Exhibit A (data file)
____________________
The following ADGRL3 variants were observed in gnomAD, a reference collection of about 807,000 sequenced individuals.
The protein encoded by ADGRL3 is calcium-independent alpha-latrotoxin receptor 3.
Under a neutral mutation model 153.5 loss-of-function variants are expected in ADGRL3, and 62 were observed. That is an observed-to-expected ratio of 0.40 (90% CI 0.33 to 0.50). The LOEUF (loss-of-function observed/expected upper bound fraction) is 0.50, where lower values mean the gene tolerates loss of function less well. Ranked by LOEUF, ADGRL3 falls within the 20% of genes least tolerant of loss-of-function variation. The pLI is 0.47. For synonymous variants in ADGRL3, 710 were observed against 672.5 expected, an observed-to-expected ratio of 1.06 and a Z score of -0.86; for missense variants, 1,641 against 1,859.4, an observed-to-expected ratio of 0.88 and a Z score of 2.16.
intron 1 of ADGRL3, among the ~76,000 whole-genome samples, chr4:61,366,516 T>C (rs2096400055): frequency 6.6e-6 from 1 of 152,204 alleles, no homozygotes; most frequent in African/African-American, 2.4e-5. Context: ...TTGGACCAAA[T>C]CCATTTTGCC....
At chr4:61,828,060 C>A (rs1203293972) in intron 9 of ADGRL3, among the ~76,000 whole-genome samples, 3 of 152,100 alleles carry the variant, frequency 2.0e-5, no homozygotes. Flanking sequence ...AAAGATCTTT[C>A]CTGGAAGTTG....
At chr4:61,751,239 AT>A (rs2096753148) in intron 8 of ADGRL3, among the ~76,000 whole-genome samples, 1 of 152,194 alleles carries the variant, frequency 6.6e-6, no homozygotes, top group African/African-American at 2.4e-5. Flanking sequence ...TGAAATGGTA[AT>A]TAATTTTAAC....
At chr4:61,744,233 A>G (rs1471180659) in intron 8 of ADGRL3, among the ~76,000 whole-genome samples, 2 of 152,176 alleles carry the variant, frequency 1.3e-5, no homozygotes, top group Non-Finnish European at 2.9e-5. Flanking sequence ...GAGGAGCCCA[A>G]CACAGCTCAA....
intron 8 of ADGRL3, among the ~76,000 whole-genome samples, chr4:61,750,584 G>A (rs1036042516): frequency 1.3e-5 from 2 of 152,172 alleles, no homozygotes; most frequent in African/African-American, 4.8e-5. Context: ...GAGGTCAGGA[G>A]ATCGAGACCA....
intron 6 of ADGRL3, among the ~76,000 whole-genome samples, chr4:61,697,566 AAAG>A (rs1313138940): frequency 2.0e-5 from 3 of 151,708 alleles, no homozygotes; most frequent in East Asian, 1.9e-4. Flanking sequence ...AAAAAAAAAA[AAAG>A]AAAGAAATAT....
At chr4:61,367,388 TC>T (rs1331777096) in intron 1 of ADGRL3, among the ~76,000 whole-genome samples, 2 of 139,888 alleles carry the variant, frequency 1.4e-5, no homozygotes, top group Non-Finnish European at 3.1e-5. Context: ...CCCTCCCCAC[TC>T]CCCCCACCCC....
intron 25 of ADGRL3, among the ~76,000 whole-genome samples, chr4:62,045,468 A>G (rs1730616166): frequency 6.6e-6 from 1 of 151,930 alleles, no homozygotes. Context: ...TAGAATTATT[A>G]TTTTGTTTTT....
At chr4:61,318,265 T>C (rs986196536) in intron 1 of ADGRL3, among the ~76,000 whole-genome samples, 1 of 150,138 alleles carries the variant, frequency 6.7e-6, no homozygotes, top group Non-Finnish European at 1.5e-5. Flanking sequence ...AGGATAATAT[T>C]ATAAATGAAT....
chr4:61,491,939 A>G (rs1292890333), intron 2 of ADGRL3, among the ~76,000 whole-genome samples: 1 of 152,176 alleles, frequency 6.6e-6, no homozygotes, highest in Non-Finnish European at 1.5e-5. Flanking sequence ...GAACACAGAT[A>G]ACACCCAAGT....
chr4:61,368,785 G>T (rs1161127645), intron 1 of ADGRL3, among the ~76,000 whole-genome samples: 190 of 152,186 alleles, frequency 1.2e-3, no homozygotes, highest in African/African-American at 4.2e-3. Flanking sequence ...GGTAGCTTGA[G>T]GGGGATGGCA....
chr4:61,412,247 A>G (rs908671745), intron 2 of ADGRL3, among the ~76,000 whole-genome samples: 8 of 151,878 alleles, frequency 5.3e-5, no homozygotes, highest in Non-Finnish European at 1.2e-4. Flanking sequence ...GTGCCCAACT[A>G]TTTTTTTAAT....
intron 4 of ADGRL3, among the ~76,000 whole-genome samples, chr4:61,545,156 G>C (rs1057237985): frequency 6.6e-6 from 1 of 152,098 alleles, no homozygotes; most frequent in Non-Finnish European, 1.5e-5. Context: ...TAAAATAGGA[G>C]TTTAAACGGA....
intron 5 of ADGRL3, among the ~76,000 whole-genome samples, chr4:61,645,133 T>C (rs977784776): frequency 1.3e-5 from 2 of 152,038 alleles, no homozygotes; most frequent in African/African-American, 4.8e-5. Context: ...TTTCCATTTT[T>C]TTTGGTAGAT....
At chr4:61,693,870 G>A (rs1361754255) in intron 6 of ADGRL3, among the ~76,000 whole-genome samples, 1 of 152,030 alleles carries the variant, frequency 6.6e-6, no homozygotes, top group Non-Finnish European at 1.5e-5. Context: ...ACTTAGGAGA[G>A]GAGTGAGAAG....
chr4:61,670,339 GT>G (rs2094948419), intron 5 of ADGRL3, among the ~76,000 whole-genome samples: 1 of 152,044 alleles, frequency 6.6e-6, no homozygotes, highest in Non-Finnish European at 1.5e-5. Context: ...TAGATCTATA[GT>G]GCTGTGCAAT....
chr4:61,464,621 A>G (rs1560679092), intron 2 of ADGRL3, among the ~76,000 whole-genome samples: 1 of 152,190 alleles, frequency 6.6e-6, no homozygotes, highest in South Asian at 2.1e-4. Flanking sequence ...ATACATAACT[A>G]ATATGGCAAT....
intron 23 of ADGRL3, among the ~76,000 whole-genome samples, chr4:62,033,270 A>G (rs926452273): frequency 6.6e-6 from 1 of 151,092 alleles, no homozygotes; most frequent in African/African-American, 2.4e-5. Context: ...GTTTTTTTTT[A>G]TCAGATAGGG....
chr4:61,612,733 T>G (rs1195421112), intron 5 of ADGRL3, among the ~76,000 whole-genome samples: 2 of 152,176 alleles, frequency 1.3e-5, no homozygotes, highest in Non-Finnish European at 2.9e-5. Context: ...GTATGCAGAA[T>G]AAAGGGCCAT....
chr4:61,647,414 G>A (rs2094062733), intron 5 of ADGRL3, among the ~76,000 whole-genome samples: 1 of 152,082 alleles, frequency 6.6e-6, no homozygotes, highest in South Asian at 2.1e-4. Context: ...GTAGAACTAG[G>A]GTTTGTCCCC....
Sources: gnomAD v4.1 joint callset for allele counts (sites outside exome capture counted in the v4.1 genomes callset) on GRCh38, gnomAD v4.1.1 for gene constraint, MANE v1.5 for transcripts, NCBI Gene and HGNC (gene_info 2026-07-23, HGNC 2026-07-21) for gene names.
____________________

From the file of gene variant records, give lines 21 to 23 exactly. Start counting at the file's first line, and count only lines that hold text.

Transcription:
intron 23 of ADGRL3, among the ~76,000 whole-genome samples, chr4:62,033,270 A>G (rs926452273): frequency 6.6e-6 from 1 of 151,092 alleles, no homozygotes; most frequent in African/African-American, 2.4e-5. Context: ...GTTTTTTTTT[A>G]TCAGATAGGG....
chr4:61,612,733 T>G (rs1195421112), intron 5 of ADGRL3, among the ~76,000 whole-genome samples: 2 of 152,176 alleles, frequency 1.3e-5, no homozygotes, highest in Non-Finnish European at 2.9e-5. Context: ...GTATGCAGAA[T>G]AAAGGGCCAT....
chr4:61,647,414 G>A (rs2094062733), intron 5 of ADGRL3, among the ~76,000 whole-genome samples: 1 of 152,082 alleles, frequency 6.6e-6, no homozygotes, highest in South Asian at 2.1e-4. Context: ...GTAGAACTAG[G>A]GTTTGTCCCC....